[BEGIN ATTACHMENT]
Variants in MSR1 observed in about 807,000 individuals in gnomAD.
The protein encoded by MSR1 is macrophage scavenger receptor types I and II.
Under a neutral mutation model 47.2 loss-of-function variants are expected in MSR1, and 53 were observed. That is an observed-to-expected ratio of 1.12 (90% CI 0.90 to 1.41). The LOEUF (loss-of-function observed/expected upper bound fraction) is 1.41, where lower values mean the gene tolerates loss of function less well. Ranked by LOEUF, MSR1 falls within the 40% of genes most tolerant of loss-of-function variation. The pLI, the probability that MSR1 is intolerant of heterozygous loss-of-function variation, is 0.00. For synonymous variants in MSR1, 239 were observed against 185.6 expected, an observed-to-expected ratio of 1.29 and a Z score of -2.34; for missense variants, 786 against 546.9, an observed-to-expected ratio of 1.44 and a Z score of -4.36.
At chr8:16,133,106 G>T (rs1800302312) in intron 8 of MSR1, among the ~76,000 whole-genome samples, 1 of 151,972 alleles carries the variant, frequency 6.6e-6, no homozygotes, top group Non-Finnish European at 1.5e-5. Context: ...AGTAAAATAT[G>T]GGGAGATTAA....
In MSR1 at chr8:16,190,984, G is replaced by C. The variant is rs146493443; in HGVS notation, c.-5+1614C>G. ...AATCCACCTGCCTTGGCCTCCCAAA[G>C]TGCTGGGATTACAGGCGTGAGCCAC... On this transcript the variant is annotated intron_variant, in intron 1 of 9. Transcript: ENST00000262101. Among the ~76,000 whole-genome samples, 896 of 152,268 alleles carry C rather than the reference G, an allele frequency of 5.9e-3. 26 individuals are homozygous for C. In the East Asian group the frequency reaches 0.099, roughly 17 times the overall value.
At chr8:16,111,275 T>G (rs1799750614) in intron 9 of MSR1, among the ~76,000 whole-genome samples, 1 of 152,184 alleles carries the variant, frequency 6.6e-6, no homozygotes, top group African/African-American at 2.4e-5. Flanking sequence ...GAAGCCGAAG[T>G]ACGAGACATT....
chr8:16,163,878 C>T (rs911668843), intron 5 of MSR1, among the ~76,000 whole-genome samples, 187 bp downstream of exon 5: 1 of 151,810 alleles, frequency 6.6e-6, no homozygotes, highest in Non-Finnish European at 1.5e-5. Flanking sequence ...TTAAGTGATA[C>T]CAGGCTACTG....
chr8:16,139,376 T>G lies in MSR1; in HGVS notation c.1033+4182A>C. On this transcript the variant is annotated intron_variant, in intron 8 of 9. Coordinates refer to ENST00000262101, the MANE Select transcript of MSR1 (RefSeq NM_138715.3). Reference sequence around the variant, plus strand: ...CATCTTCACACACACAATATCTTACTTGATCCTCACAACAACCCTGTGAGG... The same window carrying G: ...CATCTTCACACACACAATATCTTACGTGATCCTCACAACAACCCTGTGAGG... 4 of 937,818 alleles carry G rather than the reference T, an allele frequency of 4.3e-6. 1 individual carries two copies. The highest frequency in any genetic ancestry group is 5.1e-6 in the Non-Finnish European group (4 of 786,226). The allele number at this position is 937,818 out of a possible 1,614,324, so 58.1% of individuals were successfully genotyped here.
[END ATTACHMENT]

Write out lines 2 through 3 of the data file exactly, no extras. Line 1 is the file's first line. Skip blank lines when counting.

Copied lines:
The protein encoded by MSR1 is macrophage scavenger receptor types I and II.
Under a neutral mutation model 47.2 loss-of-function variants are expected in MSR1, and 53 were observed. That is an observed-to-expected ratio of 1.12 (90% CI 0.90 to 1.41). The LOEUF (loss-of-function observed/expected upper bound fraction) is 1.41, where lower values mean the gene tolerates loss of function less well. Ranked by LOEUF, MSR1 falls within the 40% of genes most tolerant of loss-of-function variation. The pLI, the probability that MSR1 is intolerant of heterozygous loss-of-function variation, is 0.00. For synonymous variants in MSR1, 239 were observed against 185.6 expected, an observed-to-expected ratio of 1.29 and a Z score of -2.34; for missense variants, 786 against 546.9, an observed-to-expected ratio of 1.44 and a Z score of -4.36.